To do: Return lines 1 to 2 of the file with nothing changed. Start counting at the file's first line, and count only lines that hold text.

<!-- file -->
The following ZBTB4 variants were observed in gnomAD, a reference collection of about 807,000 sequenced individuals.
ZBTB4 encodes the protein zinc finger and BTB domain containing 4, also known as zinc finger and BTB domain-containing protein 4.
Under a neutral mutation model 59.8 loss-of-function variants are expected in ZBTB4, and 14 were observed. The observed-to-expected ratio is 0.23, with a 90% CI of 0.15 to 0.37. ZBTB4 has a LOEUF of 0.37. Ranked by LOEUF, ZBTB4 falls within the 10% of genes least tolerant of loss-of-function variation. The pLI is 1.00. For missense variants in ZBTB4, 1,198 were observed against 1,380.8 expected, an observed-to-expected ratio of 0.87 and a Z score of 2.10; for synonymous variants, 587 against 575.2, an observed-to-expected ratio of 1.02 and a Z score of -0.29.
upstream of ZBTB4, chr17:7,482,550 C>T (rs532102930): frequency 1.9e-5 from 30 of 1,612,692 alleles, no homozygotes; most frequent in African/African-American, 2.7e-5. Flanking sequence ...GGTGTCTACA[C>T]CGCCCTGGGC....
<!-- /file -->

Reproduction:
The following ZBTB4 variants were observed in gnomAD, a reference collection of about 807,000 sequenced individuals.
ZBTB4 encodes the protein zinc finger and BTB domain containing 4, also known as zinc finger and BTB domain-containing protein 4.